© Gary Gold
"I'm looking forward to different challenges," Newey said. "I've had a great time in Formula One. I just feel, to be perfectly honest, the current regulations are very restrictive, which is a shame. It's difficult to find new areas to explore as they are so tight, more engine oriented. They need more of a fundamental rethink in my opinion."

It's good to hear Newey being more vocal in his criticism of F1 and the need to further open the rules to allow more free thinking in terms of the basic configuration and design concept, much of which is defined by the regulations. The F1 chassis and aerodynamic rules are not quite as restrictive as the plague of spec car formulae that have infested modern motor racing, but the general layout and concept of an F1 car is strictly defined by the FIA. Over-regulation has sapped Newey of his interest and he will be missed in the years ahead not only by Red Bull's F1 team but by the sport as a whole.

I've had the pleasure of knowing Adrian for a third of a century since he first appeared in CART as a March development engineer and Indy car designer. He was always a bright spark with a keen sense of humor and uncanny understanding of the dynamics of a racing car. In Montreal the weekend before last I presented Adrian with a signed copy of my Jim McGee book and we enjoyed a couple of short, informal chats.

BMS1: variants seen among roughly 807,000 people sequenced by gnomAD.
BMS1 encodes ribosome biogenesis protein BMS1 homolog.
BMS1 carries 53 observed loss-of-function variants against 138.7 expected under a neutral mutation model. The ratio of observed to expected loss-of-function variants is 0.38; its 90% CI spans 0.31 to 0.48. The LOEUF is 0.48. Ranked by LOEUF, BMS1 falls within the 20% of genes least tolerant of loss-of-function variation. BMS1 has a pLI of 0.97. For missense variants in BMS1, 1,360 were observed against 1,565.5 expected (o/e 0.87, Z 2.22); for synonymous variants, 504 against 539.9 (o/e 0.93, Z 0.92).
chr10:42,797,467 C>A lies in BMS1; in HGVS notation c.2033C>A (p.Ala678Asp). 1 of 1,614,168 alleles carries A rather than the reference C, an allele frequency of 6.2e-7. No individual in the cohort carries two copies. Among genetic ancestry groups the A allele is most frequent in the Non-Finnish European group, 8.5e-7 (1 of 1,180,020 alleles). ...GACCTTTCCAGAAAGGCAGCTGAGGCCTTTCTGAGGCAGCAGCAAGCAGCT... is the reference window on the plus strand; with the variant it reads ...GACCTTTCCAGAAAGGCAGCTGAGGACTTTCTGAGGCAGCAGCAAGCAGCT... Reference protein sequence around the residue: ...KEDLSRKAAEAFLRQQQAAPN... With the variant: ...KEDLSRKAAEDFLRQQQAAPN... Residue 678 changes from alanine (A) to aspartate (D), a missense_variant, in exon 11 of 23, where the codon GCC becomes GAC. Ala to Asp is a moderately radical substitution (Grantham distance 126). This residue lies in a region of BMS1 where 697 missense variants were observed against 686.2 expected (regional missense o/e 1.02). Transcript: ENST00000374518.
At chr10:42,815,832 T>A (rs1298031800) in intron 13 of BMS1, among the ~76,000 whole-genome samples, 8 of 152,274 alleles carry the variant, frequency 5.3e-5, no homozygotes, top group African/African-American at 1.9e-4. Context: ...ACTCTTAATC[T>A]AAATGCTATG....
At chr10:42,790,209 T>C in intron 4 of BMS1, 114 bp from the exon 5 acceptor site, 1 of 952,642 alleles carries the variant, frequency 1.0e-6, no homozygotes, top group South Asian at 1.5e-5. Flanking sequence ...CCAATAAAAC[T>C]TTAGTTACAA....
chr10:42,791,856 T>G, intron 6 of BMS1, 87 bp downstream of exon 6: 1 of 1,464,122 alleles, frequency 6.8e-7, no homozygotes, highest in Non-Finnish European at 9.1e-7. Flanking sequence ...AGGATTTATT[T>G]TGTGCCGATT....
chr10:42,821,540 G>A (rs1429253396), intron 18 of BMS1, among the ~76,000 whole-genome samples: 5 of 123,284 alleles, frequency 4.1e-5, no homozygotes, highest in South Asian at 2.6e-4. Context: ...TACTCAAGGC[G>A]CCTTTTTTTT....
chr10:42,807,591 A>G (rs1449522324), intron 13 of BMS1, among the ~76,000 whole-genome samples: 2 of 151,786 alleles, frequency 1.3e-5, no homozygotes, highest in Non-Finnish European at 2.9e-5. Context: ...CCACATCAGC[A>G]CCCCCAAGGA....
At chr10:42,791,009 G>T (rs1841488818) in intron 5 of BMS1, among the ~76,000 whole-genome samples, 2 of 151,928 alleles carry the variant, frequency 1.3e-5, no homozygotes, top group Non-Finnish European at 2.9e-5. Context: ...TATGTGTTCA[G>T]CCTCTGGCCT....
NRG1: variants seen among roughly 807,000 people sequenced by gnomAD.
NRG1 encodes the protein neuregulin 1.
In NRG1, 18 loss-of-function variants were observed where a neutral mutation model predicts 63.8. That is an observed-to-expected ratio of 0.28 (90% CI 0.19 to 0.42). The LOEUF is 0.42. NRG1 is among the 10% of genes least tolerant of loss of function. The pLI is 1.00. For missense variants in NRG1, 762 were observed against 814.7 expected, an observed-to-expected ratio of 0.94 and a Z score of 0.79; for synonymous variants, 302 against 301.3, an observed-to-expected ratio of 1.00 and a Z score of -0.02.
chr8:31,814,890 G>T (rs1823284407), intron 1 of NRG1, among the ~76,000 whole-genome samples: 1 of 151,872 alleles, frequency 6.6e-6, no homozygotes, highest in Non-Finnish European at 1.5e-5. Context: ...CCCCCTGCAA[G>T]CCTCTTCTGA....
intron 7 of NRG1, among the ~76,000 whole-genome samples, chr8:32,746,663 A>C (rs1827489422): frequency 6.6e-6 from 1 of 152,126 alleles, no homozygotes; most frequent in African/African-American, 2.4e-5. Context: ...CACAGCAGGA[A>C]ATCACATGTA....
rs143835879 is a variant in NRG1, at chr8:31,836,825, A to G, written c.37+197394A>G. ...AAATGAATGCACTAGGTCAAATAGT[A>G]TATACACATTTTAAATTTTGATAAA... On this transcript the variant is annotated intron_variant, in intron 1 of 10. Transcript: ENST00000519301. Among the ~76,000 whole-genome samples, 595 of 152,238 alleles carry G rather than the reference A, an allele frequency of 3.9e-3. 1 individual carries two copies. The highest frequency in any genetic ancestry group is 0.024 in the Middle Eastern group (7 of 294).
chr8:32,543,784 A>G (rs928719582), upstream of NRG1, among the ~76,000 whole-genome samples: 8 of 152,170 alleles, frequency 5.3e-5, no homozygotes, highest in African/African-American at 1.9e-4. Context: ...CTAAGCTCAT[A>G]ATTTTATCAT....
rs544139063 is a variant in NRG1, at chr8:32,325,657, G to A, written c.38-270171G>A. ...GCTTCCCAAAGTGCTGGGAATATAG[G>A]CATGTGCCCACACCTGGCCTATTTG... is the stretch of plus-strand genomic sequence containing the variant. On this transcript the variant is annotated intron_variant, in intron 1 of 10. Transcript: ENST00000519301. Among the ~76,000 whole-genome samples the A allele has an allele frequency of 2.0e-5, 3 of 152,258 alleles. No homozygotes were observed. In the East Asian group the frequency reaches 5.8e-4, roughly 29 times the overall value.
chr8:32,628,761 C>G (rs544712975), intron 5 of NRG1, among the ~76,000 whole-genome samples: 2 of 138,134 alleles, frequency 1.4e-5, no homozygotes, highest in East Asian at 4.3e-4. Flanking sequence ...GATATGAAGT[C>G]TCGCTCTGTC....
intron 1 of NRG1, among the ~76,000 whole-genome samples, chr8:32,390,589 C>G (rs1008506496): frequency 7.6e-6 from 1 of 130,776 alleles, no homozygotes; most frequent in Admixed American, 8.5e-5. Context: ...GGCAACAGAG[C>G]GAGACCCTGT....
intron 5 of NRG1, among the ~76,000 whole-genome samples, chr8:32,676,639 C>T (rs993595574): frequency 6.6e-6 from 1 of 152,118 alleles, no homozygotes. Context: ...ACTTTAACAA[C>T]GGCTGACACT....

The Canadian GP celebrated its 35th running at le Circuit Gilles Villeneuve in Montreal this year. As usual, the city was filled with Grand Prix fervor all weekend and the race attracted a huge, roaring crowd. Montreal is one of the most popular stops for F1 and everyone was delighted to hear Saturday's announcement that promoter Francois Dumontier has negotiated a new deal with Bernie Ecclestone for the race to continue for another ten years.

The new agreement is reported to be the same as the old one, costing CAN$15 million per year with shared contributions from federal, provincial and city governments. It's also said some CAN$25 million will be spent on improving the site which may mean moving the pits and paddock complex. Quite how that's going to happen within the limited confines of Ile Notre Dame remains to be seen.

There was some skepticism about Montreal's new contract because Bernie Ecclestone was absent from the race and didn't offer any words of blessing. Of course, Ecclestone is very occupied these days with his trials on bribery and corruption charges in Germany and the UK so there was good reason for him not to make the trip to Canada.

© Gary Gold
It's said that, regardless of the outcome, CVC will ask Ecclestone to step down as F1's boss once the cases against him are resolved. Nobody will believe it of course, until such a move actually happens. Nor are there any guesses about who might replace Ecclestone.

In that way, F1's future remains unclear, but the category's commitment to the new world of energy recovery systems and engineering efficiency has been cast in stone, as it has at Le Mans and the World Endurance Championship.

All of which means American racing will continue to lose relevancy as it has for a number of years because neither NASCAR, IndyCar nor United SportsCar possess the will, technical philosophy, financial resources or market position to encourage and embrace new technology, let alone the complete rethink that Adrian Newey and many others believe is necessary. Absent a dramatic change in direction, American motor racing is destined to remain forever a provincial backwater.

Auto Racing ~ Gordon Kirby